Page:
Rob McElhenney Thinks This Is The Key To Keeping It's Always Sunny In Philadelphia's Fresh

It's difficult to nail down the recipe for success when it comes to creating a TV show. If it were easy, every show would be a hit. But in the case of "It's Always Sunny in Philadelphia," the key ingredient has a lot to do with its home at the cable channel FX.

TV shows come in all shapes and sizes, and one of the main things that dictate their direction is if it is a network or cable series. The creative hands of the networks are often tied by the Federal Communications Commission, made famous by George Carlin's 1972 "Seven Dirty Words" bit. However, cable shows have more creative freedom, unencumbered by the FCC's stricter broadcast guidelines. Additionally, the size and scope of a network series are much larger than that of cable programming.

On its way to becoming the longest-running live-action sitcom in television history, "It's Always Sunny in Philadelphia" blazed its own trail by playing by a different set of rules. But how does a successful show stay fresh for so long? Even "Happy Days" only made it five seasons before literally "jumping the shark." One of the "It's Always Sunny" creators has a theory on why the show always seems topical, and it has to do with a big difference between network and cable TV.

They operate on a different schedule

For decades, the standard model for broadcast television was 26-episode seasons. Traditionally, once a show got to 100 episodes, it would enter syndicated reruns, opening another revenue stream. While it was profitable for networks, it was a grind on production crews and actors.

The cable model of 10- or 13-episode seasons was borne from necessity. As the New York Daily News reported, cable channels simply couldn't afford a full production slate of 26 episodes. But as the saying goes, necessity is the mother of invention, as viewers and show creators both seemed to gravitate to the abbreviated half-season model (later often whittled down to 10).

Noah Wyle, who starred in NBC's long-running hit medical drama "ER" and TNT's "Falling Skies," sees a difference. He told the New York Daily News:

"When I was doing 'ER,' we'd joke about the 'episode 13 to 17 malaise.' You'd feel like you were sleepwalking and repeating a lot of what you'd already done. [In 'Falling Skies'] We could push to 12, maybe, but if we went beyond that, we'd start having storylines where I find someone's wallet and try to figure out how to return it."

Shortened seasons also mean half the production time. That's attractive to actors, allowing cable to snag some big stars for their programming. From a creative standpoint, many writers agree a shorter run is a better model for tight, cohesive story arcs. And while some network shows have adopted the cable model with abbreviated seasons, there's still a line drawn between the expectations of a network and cable show.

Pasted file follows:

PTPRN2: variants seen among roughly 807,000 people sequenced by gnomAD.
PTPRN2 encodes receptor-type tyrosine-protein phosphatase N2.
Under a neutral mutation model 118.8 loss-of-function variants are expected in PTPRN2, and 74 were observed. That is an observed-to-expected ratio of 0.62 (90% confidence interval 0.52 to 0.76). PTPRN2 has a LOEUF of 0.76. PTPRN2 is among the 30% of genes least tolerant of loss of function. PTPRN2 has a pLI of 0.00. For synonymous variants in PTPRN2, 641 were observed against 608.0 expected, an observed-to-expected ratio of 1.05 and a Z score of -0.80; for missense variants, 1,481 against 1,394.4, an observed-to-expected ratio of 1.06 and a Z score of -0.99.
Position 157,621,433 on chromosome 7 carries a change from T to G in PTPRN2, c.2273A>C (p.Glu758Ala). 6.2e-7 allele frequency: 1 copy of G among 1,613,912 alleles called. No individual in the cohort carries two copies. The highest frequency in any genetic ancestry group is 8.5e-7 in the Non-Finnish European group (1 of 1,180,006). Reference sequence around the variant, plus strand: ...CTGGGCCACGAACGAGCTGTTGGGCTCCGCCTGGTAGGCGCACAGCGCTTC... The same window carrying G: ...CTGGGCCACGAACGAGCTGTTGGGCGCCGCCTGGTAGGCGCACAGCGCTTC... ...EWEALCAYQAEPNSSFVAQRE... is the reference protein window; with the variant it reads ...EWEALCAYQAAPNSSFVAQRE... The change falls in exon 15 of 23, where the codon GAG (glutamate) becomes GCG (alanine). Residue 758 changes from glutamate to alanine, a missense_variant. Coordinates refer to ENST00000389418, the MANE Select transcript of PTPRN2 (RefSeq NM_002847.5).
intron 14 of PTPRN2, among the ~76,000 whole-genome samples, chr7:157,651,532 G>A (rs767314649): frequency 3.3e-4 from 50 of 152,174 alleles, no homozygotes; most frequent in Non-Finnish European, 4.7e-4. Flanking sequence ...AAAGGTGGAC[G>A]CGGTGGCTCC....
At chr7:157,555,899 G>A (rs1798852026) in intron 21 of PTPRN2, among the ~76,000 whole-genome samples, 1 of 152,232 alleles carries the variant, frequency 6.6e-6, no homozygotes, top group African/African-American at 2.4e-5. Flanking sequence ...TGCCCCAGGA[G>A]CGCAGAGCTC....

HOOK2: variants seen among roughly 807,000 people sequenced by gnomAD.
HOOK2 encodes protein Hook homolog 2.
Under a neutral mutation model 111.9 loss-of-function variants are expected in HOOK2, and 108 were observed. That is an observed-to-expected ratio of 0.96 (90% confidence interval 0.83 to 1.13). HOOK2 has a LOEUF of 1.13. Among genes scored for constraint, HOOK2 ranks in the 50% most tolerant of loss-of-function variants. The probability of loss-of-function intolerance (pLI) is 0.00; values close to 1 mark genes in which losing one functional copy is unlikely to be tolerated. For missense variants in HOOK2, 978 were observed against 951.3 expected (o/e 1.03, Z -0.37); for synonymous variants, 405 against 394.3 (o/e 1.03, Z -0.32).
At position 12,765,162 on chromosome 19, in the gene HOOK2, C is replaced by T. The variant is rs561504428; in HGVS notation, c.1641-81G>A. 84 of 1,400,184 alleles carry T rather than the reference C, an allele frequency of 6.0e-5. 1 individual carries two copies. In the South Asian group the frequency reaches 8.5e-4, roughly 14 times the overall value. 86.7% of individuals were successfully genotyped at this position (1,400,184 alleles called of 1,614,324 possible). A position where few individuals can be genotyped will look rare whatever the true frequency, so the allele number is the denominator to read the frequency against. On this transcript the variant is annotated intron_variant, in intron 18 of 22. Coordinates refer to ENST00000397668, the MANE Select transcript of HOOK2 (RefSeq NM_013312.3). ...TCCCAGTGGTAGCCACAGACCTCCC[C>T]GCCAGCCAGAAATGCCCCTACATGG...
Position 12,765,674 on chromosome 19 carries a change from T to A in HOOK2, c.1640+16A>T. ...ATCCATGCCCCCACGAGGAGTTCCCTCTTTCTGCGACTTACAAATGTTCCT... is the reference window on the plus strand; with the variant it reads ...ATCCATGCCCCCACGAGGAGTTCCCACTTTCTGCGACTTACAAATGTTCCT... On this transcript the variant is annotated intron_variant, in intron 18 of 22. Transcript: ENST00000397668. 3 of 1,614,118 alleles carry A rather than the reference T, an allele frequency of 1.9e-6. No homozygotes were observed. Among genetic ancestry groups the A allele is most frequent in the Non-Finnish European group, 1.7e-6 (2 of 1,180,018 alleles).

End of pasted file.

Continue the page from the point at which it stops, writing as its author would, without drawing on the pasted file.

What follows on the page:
Which brings us back to the longest-running live-action sitcom on TV. The change in episode numbers has played a big role in keeping "It's Always Sunny in Philadelphia" relevant all these years.

They're keeping up with social changes

It's getting hard to remember a time "It's Always Sunny in Philadelphia" wasn't on television. For 17 years "the gang" has entertained audiences with their crass, nihilistic view of the world. It's a formula that co-creator Rob McElhenney says works because of cable television.

In an interview with Rolling Stone heading into the show's 14th season, McElhenny credited shortened seasons with the show capitalizing on changing culture. McElhenny said:

"Because the world seems to change so much from a cultural perspective every few years, each year gives us a bunch of new cultural things that have changed that we can mine. That's always been what we try to do with 'Sunny.' Just have the same discussions that people are having in any given year."

McElhenny also believes that shorter seasons help the gang avoid burnout. "We have the luxury of only doing 10 episodes a year, that's huge. It allows us to have a tremendous amount of free time," McElhenny told EW. "So when we come back and it takes six or seven months to make this series, we're fresh. And then beyond that, it's because we all still love it and we're still having fun, and there's no disconnect between the writers and the actors because we're one and the same."

With the advantage of shortened seasons and no shortage of political strife and culture wars to adopt for episodes, there's no reason "It's Always Sunny in Philadelphia" can't continue another 17 years.